[book review] Dichotomy of leadership
I love Jocko Willink books. Every time you read his book you feel inspired. You want to change something. You want to fix something in your life. You want to wake up earlier. You want to go jogging. You want to learn something new. You want to take action.
“Dichotomy of leadership (referral program link)” is a follow-up to the awesome book “Extreme Ownership (referral program link).” Jocko Willink and Leif Babin write about finding balance in all your actions. Both books are about leadership, but you don’t need to be a leader to benefit from reading them. In fact, Jacko’s lessons apply at all stages of the “chain of command.”
While reading “Dichotomy of leadership,” I recalled all unbalanced leaders I ever had. I realized I was fortunate to have managers who were on both ends of the scale.
I worked on a project with someone who loved micromanagement.
I had one-hour long video calls every day which very supposed to be an equivalent of a “stand-up meeting.” Instead of answering “the three questions” we were discussing every line of code I wrote that day.
The manager wanted everything to be done his way. I remember writing an extremely long email filled with Venn Diagrams to explain why some changes in SQL queries don’t make sense. I got back a 5-words long response: “Just do what I said.”
Lack of leadership
On the other hand, I worked on projects with no leadership. It was supposed to be a haven for creative people. You have the goal and full autonomy. It was supposed to be a perfect environment for a scrum team. So what was wrong?
You can’t just assemble a group of individuals and call them a team. We started to push our own agenda recklessly. When the team is supposed to make a choice, you end up in a situation where no decision can be enforced.
If you have an individual who does not respect the team and does whatever he wants, you can only give him feedback and hope that the behavior will change.
In a team with no leader, you can’t expect anything from other people. If you want something to happen and you say it. It will be regarded as an opinion or suggestion. “You are not the leader, you can’t give me orders.”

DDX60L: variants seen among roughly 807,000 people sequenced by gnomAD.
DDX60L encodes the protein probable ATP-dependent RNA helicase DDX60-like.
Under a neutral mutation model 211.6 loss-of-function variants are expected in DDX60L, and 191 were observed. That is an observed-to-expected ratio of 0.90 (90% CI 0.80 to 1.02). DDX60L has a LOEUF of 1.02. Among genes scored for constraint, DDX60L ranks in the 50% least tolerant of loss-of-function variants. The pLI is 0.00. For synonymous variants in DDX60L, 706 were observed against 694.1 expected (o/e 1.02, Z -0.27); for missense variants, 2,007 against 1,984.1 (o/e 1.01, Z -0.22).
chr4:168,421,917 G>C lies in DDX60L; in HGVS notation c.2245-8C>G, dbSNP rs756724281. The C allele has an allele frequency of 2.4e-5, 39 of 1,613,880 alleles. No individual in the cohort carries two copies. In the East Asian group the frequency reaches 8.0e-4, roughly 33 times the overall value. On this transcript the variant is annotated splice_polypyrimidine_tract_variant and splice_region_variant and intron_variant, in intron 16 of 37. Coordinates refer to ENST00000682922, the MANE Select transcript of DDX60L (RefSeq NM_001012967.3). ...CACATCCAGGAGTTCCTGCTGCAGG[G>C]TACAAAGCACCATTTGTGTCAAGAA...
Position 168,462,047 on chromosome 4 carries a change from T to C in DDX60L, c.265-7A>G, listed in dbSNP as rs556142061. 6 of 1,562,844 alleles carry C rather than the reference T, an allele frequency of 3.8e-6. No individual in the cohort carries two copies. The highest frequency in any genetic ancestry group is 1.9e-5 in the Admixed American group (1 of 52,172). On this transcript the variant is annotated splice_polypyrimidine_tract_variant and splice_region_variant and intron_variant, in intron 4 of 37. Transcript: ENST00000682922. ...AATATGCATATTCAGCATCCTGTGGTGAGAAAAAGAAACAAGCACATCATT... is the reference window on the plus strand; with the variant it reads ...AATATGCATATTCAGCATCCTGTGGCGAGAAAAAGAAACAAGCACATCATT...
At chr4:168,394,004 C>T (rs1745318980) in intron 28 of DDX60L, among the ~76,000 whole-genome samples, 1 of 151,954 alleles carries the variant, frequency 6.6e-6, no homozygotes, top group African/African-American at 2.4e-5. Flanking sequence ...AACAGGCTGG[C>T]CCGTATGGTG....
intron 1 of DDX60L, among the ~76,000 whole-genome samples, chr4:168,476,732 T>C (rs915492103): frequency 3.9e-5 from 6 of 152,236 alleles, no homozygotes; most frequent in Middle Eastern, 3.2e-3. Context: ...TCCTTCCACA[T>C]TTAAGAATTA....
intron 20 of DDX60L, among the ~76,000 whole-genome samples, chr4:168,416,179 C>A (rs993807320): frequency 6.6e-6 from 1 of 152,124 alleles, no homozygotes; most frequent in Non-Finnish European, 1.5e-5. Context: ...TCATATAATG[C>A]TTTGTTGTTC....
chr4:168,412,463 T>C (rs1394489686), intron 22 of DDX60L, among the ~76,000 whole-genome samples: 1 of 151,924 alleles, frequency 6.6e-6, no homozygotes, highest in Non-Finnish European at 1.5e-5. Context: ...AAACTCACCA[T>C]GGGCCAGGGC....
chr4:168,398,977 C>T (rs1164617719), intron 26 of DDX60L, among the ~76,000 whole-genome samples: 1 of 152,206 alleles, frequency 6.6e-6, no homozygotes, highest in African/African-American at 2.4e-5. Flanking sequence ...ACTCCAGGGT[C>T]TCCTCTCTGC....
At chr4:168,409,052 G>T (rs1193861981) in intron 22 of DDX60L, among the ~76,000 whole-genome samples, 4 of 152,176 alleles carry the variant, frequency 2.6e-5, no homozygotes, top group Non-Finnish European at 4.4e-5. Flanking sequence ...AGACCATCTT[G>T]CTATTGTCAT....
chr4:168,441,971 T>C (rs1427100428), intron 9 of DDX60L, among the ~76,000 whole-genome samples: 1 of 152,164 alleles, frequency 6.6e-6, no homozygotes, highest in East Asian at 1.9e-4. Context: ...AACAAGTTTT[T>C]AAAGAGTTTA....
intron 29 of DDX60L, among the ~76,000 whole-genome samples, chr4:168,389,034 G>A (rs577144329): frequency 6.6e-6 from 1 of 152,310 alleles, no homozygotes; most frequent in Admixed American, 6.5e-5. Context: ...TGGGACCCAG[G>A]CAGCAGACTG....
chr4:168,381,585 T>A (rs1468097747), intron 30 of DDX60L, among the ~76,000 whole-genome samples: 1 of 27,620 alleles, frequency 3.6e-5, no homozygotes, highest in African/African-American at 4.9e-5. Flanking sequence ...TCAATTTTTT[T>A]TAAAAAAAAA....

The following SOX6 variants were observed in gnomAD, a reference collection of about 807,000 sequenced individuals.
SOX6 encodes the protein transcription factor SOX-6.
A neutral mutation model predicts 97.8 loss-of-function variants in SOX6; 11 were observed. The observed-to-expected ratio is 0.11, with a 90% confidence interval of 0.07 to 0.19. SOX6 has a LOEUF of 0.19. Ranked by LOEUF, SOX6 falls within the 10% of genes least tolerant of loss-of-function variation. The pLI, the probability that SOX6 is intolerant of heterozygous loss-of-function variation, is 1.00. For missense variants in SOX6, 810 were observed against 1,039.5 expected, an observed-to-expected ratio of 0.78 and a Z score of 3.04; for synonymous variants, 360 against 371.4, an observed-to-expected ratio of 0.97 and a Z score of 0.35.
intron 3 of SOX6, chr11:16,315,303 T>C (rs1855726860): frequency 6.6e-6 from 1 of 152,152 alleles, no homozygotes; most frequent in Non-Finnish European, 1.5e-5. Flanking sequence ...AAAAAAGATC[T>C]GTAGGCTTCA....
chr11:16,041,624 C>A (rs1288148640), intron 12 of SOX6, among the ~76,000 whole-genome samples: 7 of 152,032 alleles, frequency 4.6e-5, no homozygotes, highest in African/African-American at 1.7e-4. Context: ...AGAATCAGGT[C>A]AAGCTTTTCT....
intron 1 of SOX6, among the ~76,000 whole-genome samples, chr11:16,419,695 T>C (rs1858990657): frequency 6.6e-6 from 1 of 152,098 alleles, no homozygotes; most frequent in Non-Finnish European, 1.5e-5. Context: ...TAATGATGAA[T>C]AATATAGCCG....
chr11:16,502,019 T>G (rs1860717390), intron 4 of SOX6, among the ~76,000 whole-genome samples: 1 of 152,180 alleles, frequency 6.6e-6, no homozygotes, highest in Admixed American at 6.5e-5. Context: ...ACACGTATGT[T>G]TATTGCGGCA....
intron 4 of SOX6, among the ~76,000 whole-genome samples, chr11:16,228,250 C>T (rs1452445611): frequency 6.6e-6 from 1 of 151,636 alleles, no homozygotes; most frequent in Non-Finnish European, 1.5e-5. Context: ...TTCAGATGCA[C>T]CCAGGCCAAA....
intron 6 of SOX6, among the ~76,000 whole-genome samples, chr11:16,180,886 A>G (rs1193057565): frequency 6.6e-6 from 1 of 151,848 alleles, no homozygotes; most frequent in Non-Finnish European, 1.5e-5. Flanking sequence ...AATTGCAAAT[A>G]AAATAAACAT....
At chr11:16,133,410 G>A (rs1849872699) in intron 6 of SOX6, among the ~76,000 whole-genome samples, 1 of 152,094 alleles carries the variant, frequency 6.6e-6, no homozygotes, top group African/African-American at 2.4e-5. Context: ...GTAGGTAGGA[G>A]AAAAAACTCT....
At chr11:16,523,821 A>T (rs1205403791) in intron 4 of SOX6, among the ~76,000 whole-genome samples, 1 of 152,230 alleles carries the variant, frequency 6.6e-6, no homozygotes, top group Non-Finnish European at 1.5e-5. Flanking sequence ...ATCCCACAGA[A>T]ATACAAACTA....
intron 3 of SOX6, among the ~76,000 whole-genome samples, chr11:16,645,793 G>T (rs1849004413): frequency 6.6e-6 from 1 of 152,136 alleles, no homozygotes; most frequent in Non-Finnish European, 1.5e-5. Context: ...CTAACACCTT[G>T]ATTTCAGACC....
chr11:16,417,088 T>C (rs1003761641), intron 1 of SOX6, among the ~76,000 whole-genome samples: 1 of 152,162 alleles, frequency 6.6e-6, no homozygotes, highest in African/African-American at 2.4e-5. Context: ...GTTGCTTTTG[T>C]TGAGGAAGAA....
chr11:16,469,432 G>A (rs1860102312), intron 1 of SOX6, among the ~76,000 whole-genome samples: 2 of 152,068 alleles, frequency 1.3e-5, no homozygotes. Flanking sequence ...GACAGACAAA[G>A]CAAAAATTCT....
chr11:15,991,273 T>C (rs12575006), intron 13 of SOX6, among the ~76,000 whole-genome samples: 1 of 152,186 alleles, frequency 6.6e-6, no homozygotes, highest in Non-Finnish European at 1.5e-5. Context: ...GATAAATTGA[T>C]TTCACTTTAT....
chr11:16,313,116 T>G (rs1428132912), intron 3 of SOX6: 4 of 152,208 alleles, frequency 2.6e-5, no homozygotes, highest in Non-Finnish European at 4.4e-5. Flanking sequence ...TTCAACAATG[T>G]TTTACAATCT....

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A strange thing happened. Lack of leadership killed my motivation faster than micromanagement. Not only that. It kills motivation but also creates an expectation that there is no micromanagement.
When you experience such extreme autonomy, and later you end up with a leader who wants to make every decision, you can’t stand micromanagement anymore.
As Jacko says:
For every positive behavior a leader should have, it is possible to take that behavior to the extreme, where it becomes a negative. Often a leader’s greatest strength can also be his or her greatest weakness. But knowing and understanding that these dichotomies exist is the first part of keeping them from becoming a problem.
The idea of finding the perfect spot between extreme ownership (which may lead to micromanagement if you push it to the extreme) and decentralized command (which extreme version ends up in a situation where you no longer have a team) reminds me of delegation poker. The method of deciding which decisions can be made by the team and which decisions are owned by the designated leader.
After reading the book, I am afraid of leaders who decide that they need to rebalance.
Someone whose behavior was pushed to one of the extremes will probably try to make a huge change. I am sure it will end up in chaos. People will lose all respect for such a person.
If you decided to read the book, please read all of it. Don’t skip the afterword. It contains one crucial paragraph:
When a leader moves to rebalance (…) caution must be exercised not to overcorrect. (…) This is ineffective and can make the situation worse. (…) Make measured, calculated adjustments, monitor the results, and then continue to make small, iterative corrections until balance is achieved.
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